Do Public Schools in Ontario Allow for our Voice to be Heard?
The first answer that most likely comes to mind is...
YES! Our national framework is a parliamentary democracy with a progressive conservative party responsible for decision-making surrounding policies, laws and bylaws across the province. We stand for equitable education and respect for everyone's voice. After all, in the first quarterly period of 2020, "Ontario received 46.3% of all immigrants to Canada... Over the 12 months to March 31, Ontario received 154,558 immigrants, up from 133,320 during the previous year" (Ontario Demographic Quarterly).
What are some contrary beliefs?
I speak from the standpoint of an educator and a student who has seen classroom environments across age levels and institutional types. Over the years, I've noted a few observations:
- Though teachers, especially those who are recent graduates, are trained to create safe spaces for opposing thoughts, they also hold preconceived notions of their own as a result of their upbringing;
- Many statements that have been brought forth by the Ministry of Education have not been transformed into actions as we continually see a large gap in the transparency of content taught and discussions encouraged surrounding, for example, Indigenous Peoples of Canada and Canada's historical events;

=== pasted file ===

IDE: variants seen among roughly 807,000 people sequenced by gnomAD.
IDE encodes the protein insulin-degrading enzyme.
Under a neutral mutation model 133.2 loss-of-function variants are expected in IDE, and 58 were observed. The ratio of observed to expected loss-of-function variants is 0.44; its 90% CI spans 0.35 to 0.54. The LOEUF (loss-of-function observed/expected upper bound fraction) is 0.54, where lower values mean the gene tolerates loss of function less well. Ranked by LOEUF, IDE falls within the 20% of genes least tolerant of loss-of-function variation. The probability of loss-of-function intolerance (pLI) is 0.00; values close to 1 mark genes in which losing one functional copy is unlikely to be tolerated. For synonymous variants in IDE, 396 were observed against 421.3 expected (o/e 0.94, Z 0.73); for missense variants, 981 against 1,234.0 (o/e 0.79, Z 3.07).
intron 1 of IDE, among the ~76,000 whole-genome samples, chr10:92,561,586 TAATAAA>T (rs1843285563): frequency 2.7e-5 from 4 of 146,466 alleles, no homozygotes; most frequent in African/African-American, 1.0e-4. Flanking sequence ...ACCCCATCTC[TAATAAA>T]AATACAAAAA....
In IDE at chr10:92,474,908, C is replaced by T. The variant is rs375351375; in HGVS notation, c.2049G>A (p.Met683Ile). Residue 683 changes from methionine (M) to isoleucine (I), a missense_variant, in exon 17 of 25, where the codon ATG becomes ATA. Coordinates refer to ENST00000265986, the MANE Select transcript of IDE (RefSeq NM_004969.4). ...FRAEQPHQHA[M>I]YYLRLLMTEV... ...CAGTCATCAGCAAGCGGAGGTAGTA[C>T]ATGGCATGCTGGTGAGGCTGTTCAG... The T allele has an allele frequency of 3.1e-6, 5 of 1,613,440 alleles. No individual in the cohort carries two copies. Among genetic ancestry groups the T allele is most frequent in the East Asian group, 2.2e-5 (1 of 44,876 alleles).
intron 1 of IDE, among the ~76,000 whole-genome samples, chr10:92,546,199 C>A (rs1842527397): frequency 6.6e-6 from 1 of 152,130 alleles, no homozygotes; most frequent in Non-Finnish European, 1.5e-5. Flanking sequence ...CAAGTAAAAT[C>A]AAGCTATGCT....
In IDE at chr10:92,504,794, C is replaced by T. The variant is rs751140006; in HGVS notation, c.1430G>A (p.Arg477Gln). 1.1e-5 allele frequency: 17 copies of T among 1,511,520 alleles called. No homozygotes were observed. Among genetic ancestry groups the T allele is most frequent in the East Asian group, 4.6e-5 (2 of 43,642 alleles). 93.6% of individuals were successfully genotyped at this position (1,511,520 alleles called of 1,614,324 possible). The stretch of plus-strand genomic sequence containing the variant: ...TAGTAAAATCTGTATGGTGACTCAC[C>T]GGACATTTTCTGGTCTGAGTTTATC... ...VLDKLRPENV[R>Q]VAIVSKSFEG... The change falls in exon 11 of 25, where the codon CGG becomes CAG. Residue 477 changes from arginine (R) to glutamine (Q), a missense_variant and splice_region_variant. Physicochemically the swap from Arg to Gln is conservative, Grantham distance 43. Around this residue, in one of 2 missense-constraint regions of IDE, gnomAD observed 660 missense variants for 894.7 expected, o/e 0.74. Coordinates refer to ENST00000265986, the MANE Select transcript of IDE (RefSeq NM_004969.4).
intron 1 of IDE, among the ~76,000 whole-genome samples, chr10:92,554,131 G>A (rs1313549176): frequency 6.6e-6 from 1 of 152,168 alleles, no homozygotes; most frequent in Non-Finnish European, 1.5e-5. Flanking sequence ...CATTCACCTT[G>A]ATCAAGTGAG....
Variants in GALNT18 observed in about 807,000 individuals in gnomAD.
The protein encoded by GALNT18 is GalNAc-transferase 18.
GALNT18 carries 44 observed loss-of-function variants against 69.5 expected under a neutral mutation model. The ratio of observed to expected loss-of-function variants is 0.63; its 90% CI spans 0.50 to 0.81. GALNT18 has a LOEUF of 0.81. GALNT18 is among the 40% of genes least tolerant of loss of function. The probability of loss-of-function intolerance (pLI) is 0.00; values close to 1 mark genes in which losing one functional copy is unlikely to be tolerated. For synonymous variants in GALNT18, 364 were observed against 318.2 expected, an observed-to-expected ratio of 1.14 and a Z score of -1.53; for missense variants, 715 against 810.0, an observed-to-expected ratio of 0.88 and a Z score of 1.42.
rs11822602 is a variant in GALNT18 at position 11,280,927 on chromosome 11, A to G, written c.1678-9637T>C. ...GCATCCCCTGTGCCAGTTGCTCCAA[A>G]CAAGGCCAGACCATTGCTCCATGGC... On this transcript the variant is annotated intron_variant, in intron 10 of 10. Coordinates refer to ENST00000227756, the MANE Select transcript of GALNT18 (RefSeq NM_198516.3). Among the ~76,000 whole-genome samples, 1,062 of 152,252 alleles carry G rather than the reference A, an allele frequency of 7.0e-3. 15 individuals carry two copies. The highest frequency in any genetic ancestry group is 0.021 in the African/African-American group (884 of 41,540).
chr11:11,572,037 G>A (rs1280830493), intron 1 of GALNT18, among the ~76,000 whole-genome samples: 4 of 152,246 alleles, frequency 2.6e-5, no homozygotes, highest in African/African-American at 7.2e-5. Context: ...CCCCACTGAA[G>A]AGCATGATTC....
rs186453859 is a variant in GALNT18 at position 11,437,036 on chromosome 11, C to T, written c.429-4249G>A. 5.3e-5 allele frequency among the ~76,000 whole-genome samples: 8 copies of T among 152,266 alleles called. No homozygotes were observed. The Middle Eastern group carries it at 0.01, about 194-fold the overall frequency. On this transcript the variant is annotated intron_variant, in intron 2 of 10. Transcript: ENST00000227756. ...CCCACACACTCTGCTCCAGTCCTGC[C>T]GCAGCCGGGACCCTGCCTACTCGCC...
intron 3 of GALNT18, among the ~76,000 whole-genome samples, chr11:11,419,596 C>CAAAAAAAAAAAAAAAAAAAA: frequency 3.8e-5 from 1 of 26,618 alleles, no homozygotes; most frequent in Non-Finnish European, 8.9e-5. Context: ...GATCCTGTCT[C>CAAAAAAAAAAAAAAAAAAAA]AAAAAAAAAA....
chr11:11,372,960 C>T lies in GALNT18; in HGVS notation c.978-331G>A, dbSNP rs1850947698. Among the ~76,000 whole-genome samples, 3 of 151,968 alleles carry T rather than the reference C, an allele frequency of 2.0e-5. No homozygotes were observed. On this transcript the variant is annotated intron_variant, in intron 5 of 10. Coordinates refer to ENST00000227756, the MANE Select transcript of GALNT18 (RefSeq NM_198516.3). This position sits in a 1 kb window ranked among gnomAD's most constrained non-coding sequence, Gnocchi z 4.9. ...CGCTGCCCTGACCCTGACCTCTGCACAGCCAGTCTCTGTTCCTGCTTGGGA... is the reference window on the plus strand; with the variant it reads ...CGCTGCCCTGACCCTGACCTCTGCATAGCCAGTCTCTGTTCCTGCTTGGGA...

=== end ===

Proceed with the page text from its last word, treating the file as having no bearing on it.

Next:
- Each school creates a culture of its own, spreading particular notions that lead to broad ideologies of our province, or nation, as a whole;
- Students often withhold from opposing their teacher's belief systems;
- Faculty members may hesitate to question the accuracy of any given event provided within a course textbook;
Supporting contrasting perspectives or lenses of the same event at hand are implicitly discouraged
- Students often lack the confidence of explicitly expressing their contrary opinion in class (in efforts to avoid judgment from others) to maintain 'political correctness' or 'save face'.
It's now time for you to share your response with me!
What do these observations imply?